I kept my calories in check with a Slimfast breakfast and lunch and a barbecue and mac cheese dinner. I didn’t count calories but kept my intake in check.
That is good.
It fun to have a new creative toy. Especially a camera.
Alas, there are different degrees of happy. And that is no different with the Nikon W300. At the moment, my W300 happy isn’t too overwhelmingly happy. I thought I would over flow with W300 happy but that hasn’t happen.
I’m not disappointed in the camera as it is doing every thing Nikon says it can do. But my expectations were somewhat elevated due to the retail price and my experience with Nikon.
I confess that I expected a D600 compacted into the W300 with the extra water proof and shockproof shroud. Add into the expectation the SnapBridge app and my elation was complete.
Yet, the initial letdown and slight disappointment is simmering.
- SnapBridge automatically ports a low resolution copy to the iPhone. I suppose this is ok as the low resolution photo is good for texting, email, and social media. Yet, I expected the full resolution. So, it appears, when viewing on the iPhone, that iPhone photos are superior to the Nikon photos.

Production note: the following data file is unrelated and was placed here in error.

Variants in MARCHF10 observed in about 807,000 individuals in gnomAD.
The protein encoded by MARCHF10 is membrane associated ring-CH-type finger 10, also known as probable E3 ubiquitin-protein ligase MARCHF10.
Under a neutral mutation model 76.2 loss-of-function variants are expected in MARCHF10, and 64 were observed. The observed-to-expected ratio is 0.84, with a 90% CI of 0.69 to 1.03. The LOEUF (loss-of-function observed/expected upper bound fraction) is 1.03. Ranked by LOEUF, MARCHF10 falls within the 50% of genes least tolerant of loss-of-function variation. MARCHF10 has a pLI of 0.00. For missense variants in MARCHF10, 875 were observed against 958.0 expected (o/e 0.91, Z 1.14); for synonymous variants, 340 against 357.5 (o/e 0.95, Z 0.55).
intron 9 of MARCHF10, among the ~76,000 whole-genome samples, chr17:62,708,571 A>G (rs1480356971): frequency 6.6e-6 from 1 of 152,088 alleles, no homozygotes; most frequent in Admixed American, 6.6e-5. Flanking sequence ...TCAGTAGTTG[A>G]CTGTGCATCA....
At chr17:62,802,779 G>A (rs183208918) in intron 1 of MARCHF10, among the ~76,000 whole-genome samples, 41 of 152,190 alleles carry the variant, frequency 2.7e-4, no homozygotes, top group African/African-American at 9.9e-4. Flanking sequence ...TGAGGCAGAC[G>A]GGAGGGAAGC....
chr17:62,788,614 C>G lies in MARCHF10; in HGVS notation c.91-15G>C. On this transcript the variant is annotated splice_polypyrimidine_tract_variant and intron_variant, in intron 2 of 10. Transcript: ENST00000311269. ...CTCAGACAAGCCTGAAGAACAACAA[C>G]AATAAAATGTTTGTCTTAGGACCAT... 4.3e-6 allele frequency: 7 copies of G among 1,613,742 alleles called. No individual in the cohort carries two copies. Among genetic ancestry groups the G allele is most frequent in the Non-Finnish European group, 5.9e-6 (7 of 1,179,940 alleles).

- There is a method to port the full resolution photos to the iPhone but that process is not automatic and it involves Wi-Fi. Seems complicated.
- I have not found a method to import full resolution 4K video from the W300 to the iPhone then to the Mac desktop. I can import from the W300 to the iPhone but not to the desktop. Very strange.
- The Time Lapse movie is limited to ten seconds. That seems too short. The D600 can time lapse for hours. The W300 time lapse captures a series of frames for a specific time frame depending on the setting, from Cityscape (10 minutes) to Star Trails (150 minutes). Regardless, the result is a ten second time lapse movie.
Of course, as with any new and expensive electronic toy, it takes a while to fully discover the depth of complexity and I’ve only had the W300 for 48 hours so I still have much to explore.